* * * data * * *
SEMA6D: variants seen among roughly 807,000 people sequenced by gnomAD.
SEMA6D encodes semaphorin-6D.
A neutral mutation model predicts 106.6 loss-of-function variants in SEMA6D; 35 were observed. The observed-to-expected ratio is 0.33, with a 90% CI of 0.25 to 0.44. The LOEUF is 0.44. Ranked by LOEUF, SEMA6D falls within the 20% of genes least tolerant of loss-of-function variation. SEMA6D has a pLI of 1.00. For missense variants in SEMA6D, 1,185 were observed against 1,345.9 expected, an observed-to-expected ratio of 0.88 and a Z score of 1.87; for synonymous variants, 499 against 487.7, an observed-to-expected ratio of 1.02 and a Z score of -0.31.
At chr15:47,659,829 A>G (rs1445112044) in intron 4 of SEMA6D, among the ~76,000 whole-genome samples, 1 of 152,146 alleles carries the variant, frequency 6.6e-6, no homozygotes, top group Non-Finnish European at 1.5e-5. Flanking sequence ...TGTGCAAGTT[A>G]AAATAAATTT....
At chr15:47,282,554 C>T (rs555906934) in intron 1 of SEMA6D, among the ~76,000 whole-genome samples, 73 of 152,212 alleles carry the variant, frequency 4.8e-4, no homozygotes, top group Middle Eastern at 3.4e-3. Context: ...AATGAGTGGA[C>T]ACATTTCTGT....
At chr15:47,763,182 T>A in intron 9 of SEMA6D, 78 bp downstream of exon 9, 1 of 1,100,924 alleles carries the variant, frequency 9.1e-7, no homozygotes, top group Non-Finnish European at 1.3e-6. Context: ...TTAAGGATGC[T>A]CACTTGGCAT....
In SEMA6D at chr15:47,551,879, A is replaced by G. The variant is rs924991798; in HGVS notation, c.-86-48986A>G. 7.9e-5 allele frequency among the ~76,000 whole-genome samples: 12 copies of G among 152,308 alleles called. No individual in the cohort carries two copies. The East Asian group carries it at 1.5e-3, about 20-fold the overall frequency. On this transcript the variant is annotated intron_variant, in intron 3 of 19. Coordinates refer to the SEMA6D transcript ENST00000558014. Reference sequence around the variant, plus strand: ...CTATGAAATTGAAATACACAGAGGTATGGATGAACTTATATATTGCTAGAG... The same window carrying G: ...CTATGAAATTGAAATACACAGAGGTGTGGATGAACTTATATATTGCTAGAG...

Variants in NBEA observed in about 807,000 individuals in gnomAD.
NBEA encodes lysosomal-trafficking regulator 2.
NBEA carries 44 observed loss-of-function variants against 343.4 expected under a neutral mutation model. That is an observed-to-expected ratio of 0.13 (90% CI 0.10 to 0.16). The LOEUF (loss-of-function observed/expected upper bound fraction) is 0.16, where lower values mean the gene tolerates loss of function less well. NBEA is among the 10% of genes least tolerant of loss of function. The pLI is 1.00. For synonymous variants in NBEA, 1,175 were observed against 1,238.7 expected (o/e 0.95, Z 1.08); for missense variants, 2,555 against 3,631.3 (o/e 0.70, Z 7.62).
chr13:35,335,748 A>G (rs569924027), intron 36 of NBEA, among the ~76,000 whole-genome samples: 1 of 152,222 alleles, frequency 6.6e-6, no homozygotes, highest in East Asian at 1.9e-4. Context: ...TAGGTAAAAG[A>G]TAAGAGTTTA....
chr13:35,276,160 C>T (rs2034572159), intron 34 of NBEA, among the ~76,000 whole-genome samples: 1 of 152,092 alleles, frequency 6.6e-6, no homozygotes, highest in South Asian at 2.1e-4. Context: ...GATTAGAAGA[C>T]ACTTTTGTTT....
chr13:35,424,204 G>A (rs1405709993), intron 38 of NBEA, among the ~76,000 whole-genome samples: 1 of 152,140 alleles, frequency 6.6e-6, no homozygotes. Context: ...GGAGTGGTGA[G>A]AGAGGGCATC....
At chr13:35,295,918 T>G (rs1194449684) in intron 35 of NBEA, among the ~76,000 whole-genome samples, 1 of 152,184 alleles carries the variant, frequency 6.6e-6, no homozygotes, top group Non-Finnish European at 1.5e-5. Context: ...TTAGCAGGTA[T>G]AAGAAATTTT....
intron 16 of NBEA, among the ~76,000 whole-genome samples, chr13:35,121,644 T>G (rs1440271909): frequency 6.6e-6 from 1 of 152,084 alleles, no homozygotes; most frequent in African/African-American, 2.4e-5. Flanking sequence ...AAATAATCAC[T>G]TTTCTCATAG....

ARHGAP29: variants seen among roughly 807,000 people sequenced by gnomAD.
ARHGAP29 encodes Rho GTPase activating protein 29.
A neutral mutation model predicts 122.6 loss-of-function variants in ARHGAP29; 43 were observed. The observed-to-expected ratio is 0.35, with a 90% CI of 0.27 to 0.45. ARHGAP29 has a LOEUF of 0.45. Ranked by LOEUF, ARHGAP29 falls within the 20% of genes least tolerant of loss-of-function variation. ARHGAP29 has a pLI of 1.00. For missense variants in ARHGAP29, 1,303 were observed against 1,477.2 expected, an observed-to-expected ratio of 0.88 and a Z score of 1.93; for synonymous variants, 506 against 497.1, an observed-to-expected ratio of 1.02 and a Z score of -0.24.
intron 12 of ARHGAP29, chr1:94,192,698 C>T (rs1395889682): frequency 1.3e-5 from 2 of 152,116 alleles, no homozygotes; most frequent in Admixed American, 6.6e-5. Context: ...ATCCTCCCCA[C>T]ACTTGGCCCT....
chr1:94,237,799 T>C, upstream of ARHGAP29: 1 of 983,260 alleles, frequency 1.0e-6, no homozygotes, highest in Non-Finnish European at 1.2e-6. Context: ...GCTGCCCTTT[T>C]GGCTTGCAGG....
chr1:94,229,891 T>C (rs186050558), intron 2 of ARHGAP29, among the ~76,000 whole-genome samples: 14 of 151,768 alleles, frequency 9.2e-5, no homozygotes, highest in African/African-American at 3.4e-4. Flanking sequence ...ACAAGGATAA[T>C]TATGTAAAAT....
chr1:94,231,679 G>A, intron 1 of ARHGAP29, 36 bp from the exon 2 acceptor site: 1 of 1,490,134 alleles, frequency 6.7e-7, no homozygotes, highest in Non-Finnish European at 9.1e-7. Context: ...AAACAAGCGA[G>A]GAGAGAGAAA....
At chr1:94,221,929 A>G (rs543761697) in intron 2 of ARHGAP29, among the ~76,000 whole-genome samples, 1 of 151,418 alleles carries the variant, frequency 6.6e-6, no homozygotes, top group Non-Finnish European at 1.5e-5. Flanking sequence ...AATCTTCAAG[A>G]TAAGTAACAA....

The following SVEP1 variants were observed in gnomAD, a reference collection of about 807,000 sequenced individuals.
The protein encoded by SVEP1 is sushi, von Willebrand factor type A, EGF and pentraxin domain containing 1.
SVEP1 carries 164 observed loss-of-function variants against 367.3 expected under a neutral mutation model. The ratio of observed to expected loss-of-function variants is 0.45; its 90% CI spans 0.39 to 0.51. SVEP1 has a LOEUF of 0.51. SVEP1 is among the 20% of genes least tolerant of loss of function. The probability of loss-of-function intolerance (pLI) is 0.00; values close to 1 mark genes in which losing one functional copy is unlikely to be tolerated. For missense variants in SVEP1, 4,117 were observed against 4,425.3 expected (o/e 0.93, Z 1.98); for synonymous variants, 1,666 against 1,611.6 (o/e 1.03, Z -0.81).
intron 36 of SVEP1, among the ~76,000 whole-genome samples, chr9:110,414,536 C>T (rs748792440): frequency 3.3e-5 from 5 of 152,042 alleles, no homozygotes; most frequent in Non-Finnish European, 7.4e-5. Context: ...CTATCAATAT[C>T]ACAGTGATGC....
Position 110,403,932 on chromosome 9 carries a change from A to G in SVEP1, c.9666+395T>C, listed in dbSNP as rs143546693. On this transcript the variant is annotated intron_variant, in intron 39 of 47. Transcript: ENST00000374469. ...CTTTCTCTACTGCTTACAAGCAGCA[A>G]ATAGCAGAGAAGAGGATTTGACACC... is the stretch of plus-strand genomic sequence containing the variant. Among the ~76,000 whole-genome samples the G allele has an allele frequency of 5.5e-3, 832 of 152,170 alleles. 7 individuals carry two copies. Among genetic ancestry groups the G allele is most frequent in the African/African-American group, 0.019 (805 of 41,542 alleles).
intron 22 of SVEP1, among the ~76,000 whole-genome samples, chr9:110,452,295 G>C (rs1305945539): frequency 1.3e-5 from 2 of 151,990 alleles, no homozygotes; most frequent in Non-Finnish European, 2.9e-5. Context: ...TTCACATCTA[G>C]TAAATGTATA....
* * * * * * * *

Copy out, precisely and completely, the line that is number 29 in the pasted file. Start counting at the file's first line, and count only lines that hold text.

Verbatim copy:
intron 22 of SVEP1, among the ~76,000 whole-genome samples, chr9:110,452,295 G>C (rs1305945539): frequency 1.3e-5 from 2 of 151,990 alleles, no homozygotes; most frequent in Non-Finnish European, 2.9e-5. Context: ...TTCACATCTA[G>C]TAAATGTATA....